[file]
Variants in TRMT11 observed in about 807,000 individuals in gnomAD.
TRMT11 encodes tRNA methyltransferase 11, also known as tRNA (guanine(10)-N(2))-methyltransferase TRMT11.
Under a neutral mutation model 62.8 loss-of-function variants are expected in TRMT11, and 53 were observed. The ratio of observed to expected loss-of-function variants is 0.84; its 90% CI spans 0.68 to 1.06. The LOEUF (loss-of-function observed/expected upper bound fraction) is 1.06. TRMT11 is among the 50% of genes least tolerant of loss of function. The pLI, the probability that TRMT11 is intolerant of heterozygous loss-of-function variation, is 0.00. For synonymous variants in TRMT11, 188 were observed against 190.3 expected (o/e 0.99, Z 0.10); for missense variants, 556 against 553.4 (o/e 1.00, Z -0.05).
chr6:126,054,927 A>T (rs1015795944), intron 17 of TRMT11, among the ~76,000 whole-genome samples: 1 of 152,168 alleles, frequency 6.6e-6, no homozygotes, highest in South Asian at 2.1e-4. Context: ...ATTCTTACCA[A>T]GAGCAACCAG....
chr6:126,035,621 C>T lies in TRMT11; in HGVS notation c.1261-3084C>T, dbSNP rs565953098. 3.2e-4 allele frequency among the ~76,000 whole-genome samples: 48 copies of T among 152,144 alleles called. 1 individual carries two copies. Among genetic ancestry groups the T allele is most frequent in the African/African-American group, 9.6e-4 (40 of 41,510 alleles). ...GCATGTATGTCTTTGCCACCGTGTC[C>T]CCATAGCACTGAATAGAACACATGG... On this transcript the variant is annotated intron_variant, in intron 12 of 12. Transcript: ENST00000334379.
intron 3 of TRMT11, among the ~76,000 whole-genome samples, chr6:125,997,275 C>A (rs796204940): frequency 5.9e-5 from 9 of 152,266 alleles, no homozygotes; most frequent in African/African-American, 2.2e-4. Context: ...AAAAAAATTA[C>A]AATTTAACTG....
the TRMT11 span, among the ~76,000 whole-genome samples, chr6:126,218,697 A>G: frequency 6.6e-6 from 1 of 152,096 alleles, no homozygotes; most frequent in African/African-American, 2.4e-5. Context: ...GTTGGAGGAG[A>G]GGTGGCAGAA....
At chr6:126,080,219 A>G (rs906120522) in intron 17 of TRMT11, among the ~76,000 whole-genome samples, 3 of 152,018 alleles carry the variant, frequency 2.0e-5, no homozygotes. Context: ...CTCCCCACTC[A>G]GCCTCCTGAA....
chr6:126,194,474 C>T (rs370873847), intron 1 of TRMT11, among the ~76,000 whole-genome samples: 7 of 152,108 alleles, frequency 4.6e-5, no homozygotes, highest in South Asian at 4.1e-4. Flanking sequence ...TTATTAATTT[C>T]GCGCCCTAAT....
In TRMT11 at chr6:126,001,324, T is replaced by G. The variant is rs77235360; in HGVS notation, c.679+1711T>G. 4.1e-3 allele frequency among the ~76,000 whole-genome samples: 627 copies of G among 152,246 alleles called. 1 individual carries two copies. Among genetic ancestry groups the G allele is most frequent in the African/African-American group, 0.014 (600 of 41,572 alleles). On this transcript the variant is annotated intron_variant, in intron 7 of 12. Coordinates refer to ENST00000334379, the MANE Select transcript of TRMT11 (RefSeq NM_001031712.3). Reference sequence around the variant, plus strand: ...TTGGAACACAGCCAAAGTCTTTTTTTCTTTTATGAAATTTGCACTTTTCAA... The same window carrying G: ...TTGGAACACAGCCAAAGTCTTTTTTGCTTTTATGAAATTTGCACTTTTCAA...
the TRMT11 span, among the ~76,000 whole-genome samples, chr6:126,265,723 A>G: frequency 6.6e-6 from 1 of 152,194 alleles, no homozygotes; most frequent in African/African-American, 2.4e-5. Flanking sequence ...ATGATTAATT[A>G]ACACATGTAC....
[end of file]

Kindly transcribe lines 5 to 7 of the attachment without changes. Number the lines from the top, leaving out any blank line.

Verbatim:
chr6:126,035,621 C>T lies in TRMT11; in HGVS notation c.1261-3084C>T, dbSNP rs565953098. 3.2e-4 allele frequency among the ~76,000 whole-genome samples: 48 copies of T among 152,144 alleles called. 1 individual carries two copies. Among genetic ancestry groups the T allele is most frequent in the African/African-American group, 9.6e-4 (40 of 41,510 alleles). ...GCATGTATGTCTTTGCCACCGTGTC[C>T]CCATAGCACTGAATAGAACACATGG... On this transcript the variant is annotated intron_variant, in intron 12 of 12. Transcript: ENST00000334379.
intron 3 of TRMT11, among the ~76,000 whole-genome samples, chr6:125,997,275 C>A (rs796204940): frequency 5.9e-5 from 9 of 152,266 alleles, no homozygotes; most frequent in African/African-American, 2.2e-4. Context: ...AAAAAAATTA[C>A]AATTTAACTG....
the TRMT11 span, among the ~76,000 whole-genome samples, chr6:126,218,697 A>G: frequency 6.6e-6 from 1 of 152,096 alleles, no homozygotes; most frequent in African/African-American, 2.4e-5. Context: ...GTTGGAGGAG[A>G]GGTGGCAGAA....